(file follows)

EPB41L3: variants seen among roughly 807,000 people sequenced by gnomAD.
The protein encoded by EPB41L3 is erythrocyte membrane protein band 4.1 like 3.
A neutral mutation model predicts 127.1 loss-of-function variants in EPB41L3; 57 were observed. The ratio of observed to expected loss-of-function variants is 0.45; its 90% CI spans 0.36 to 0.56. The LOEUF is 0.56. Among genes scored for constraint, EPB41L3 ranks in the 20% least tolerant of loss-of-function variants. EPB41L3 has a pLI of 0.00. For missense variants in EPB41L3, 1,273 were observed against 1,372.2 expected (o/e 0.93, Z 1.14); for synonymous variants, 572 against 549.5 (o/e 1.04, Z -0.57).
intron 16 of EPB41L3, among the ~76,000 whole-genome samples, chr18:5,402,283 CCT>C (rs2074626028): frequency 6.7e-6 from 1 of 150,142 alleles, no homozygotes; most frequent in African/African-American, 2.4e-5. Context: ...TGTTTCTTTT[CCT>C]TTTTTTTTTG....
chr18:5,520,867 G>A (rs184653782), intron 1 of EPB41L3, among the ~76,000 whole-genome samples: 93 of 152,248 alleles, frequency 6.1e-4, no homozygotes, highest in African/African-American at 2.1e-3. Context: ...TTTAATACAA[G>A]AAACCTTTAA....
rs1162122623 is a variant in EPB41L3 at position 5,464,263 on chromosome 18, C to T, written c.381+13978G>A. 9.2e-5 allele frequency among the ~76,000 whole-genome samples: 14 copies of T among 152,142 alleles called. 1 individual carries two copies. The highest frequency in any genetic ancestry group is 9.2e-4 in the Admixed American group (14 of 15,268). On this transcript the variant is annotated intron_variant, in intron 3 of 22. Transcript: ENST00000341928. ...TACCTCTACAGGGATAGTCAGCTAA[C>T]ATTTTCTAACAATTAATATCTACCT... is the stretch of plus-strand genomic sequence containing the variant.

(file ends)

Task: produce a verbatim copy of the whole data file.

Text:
EPB41L3: variants seen among roughly 807,000 people sequenced by gnomAD.
The protein encoded by EPB41L3 is erythrocyte membrane protein band 4.1 like 3.
A neutral mutation model predicts 127.1 loss-of-function variants in EPB41L3; 57 were observed. The ratio of observed to expected loss-of-function variants is 0.45; its 90% CI spans 0.36 to 0.56. The LOEUF is 0.56. Among genes scored for constraint, EPB41L3 ranks in the 20% least tolerant of loss-of-function variants. EPB41L3 has a pLI of 0.00. For missense variants in EPB41L3, 1,273 were observed against 1,372.2 expected (o/e 0.93, Z 1.14); for synonymous variants, 572 against 549.5 (o/e 1.04, Z -0.57).
intron 16 of EPB41L3, among the ~76,000 whole-genome samples, chr18:5,402,283 CCT>C (rs2074626028): frequency 6.7e-6 from 1 of 150,142 alleles, no homozygotes; most frequent in African/African-American, 2.4e-5. Context: ...TGTTTCTTTT[CCT>C]TTTTTTTTTG....
chr18:5,520,867 G>A (rs184653782), intron 1 of EPB41L3, among the ~76,000 whole-genome samples: 93 of 152,248 alleles, frequency 6.1e-4, no homozygotes, highest in African/African-American at 2.1e-3. Context: ...TTTAATACAA[G>A]AAACCTTTAA....
rs1162122623 is a variant in EPB41L3 at position 5,464,263 on chromosome 18, C to T, written c.381+13978G>A. 9.2e-5 allele frequency among the ~76,000 whole-genome samples: 14 copies of T among 152,142 alleles called. 1 individual carries two copies. The highest frequency in any genetic ancestry group is 9.2e-4 in the Admixed American group (14 of 15,268). On this transcript the variant is annotated intron_variant, in intron 3 of 22. Transcript: ENST00000341928. ...TACCTCTACAGGGATAGTCAGCTAA[C>T]ATTTTCTAACAATTAATATCTACCT... is the stretch of plus-strand genomic sequence containing the variant.